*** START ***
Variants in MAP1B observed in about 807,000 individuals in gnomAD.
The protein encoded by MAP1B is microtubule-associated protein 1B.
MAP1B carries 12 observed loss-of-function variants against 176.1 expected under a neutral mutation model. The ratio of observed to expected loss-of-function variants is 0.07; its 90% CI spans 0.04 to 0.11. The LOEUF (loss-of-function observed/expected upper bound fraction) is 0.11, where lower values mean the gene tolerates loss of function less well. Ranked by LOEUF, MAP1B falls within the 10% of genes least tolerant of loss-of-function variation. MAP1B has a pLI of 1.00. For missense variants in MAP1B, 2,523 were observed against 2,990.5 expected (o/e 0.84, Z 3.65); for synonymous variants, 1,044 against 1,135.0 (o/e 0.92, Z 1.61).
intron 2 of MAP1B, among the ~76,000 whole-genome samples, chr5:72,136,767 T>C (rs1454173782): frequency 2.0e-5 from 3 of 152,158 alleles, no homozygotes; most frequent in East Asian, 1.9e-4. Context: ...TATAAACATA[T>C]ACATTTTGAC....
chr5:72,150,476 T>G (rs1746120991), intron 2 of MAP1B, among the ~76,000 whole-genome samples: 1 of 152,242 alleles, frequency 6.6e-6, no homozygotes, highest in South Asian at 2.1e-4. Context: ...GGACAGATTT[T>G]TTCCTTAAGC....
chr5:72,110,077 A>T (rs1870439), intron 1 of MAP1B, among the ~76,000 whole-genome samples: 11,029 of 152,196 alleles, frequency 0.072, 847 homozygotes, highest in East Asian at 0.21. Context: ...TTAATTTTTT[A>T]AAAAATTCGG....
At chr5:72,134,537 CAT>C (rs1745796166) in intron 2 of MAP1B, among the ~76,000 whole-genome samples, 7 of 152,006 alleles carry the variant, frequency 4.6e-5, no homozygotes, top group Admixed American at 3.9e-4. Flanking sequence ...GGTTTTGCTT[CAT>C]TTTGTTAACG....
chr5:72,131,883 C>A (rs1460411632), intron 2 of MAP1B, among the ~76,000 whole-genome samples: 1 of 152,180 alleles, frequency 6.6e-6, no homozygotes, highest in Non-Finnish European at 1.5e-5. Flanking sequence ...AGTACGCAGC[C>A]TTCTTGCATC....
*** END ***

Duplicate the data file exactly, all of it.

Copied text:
Variants in MAP1B observed in about 807,000 individuals in gnomAD.
The protein encoded by MAP1B is microtubule-associated protein 1B.
MAP1B carries 12 observed loss-of-function variants against 176.1 expected under a neutral mutation model. The ratio of observed to expected loss-of-function variants is 0.07; its 90% CI spans 0.04 to 0.11. The LOEUF (loss-of-function observed/expected upper bound fraction) is 0.11, where lower values mean the gene tolerates loss of function less well. Ranked by LOEUF, MAP1B falls within the 10% of genes least tolerant of loss-of-function variation. MAP1B has a pLI of 1.00. For missense variants in MAP1B, 2,523 were observed against 2,990.5 expected (o/e 0.84, Z 3.65); for synonymous variants, 1,044 against 1,135.0 (o/e 0.92, Z 1.61).
intron 2 of MAP1B, among the ~76,000 whole-genome samples, chr5:72,136,767 T>C (rs1454173782): frequency 2.0e-5 from 3 of 152,158 alleles, no homozygotes; most frequent in East Asian, 1.9e-4. Context: ...TATAAACATA[T>C]ACATTTTGAC....
chr5:72,150,476 T>G (rs1746120991), intron 2 of MAP1B, among the ~76,000 whole-genome samples: 1 of 152,242 alleles, frequency 6.6e-6, no homozygotes, highest in South Asian at 2.1e-4. Context: ...GGACAGATTT[T>G]TTCCTTAAGC....
chr5:72,110,077 A>T (rs1870439), intron 1 of MAP1B, among the ~76,000 whole-genome samples: 11,029 of 152,196 alleles, frequency 0.072, 847 homozygotes, highest in East Asian at 0.21. Context: ...TTAATTTTTT[A>T]AAAAATTCGG....
At chr5:72,134,537 CAT>C (rs1745796166) in intron 2 of MAP1B, among the ~76,000 whole-genome samples, 7 of 152,006 alleles carry the variant, frequency 4.6e-5, no homozygotes, top group Admixed American at 3.9e-4. Flanking sequence ...GGTTTTGCTT[CAT>C]TTTGTTAACG....
chr5:72,131,883 C>A (rs1460411632), intron 2 of MAP1B, among the ~76,000 whole-genome samples: 1 of 152,180 alleles, frequency 6.6e-6, no homozygotes, highest in Non-Finnish European at 1.5e-5. Flanking sequence ...AGTACGCAGC[C>A]TTCTTGCATC....